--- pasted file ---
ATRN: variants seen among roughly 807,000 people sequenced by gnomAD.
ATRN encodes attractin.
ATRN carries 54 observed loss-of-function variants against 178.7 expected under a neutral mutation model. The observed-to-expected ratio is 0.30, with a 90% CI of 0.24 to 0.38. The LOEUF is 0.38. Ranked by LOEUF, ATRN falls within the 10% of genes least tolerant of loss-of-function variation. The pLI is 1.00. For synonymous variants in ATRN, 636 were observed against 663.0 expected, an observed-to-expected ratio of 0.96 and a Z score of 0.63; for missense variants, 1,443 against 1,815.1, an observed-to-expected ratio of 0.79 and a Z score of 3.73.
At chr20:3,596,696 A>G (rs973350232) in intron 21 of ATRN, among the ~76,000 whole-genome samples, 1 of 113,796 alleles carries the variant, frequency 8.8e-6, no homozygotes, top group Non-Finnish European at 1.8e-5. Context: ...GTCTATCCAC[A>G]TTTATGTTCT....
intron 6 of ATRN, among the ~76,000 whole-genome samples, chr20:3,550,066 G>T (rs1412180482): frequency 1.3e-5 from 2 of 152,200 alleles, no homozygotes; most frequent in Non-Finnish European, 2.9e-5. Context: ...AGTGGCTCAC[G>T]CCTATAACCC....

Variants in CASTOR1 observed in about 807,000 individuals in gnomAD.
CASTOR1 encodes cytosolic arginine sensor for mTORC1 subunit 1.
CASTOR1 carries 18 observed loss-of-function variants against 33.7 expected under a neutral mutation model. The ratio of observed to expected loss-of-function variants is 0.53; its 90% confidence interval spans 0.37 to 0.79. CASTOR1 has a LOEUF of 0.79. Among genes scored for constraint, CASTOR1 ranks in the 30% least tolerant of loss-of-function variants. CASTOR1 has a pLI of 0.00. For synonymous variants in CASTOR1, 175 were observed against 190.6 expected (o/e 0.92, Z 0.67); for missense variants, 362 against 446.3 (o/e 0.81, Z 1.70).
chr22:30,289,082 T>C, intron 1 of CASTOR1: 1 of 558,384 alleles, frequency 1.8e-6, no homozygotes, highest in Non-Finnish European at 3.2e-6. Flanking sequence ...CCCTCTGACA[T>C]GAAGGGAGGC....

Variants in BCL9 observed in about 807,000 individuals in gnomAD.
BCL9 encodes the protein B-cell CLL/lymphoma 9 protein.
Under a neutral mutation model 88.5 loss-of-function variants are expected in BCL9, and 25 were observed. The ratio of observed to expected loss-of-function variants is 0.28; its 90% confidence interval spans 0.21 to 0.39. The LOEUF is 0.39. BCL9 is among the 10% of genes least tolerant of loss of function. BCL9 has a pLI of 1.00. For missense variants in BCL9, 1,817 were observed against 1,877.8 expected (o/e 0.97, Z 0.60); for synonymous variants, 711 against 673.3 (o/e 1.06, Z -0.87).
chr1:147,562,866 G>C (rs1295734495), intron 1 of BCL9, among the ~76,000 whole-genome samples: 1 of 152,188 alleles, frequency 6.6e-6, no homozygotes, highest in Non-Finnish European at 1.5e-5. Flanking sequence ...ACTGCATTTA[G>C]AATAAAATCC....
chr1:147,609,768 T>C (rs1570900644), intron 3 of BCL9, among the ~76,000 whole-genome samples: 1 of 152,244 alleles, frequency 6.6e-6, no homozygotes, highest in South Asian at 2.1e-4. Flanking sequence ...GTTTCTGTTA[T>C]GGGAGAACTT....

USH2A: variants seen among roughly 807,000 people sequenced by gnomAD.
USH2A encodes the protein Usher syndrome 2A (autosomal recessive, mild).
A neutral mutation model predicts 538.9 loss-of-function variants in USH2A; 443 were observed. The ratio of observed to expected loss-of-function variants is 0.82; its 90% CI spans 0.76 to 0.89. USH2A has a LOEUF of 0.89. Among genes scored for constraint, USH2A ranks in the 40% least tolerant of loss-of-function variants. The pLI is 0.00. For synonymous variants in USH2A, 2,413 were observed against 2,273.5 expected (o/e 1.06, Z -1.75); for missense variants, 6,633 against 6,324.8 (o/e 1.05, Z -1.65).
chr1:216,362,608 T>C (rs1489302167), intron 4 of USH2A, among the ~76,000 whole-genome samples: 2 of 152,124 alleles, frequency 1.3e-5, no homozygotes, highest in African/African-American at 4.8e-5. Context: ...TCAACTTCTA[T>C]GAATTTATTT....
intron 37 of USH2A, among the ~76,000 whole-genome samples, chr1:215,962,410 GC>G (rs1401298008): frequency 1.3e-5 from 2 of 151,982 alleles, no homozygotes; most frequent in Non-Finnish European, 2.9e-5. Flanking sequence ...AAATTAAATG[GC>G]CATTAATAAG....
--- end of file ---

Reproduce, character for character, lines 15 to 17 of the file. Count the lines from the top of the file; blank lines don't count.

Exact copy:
USH2A: variants seen among roughly 807,000 people sequenced by gnomAD.
USH2A encodes the protein Usher syndrome 2A (autosomal recessive, mild).
A neutral mutation model predicts 538.9 loss-of-function variants in USH2A; 443 were observed. The ratio of observed to expected loss-of-function variants is 0.82; its 90% CI spans 0.76 to 0.89. USH2A has a LOEUF of 0.89. Among genes scored for constraint, USH2A ranks in the 40% least tolerant of loss-of-function variants. The pLI is 0.00. For synonymous variants in USH2A, 2,413 were observed against 2,273.5 expected (o/e 1.06, Z -1.75); for missense variants, 6,633 against 6,324.8 (o/e 1.05, Z -1.65).